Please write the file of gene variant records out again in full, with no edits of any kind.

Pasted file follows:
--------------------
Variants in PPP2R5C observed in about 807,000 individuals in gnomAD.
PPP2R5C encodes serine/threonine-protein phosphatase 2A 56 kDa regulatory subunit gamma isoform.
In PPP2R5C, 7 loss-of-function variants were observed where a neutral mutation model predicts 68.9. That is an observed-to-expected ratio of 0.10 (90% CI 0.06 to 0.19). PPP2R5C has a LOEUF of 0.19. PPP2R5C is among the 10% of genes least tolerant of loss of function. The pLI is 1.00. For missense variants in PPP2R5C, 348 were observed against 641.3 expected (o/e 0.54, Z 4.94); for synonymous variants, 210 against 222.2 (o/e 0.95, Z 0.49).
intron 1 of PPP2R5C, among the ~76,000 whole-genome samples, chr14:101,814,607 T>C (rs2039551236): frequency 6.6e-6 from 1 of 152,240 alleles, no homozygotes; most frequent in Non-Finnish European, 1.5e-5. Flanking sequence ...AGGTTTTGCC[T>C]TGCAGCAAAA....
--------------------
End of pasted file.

Variants in PPP2R5C observed in about 807,000 individuals in gnomAD.
PPP2R5C encodes serine/threonine-protein phosphatase 2A 56 kDa regulatory subunit gamma isoform.
In PPP2R5C, 7 loss-of-function variants were observed where a neutral mutation model predicts 68.9. That is an observed-to-expected ratio of 0.10 (90% CI 0.06 to 0.19). PPP2R5C has a LOEUF of 0.19. PPP2R5C is among the 10% of genes least tolerant of loss of function. The pLI is 1.00. For missense variants in PPP2R5C, 348 were observed against 641.3 expected (o/e 0.54, Z 4.94); for synonymous variants, 210 against 222.2 (o/e 0.95, Z 0.49).
intron 1 of PPP2R5C, among the ~76,000 whole-genome samples, chr14:101,814,607 T>C (rs2039551236): frequency 6.6e-6 from 1 of 152,240 alleles, no homozygotes; most frequent in Non-Finnish European, 1.5e-5. Flanking sequence ...AGGTTTTGCC[T>C]TGCAGCAAAA....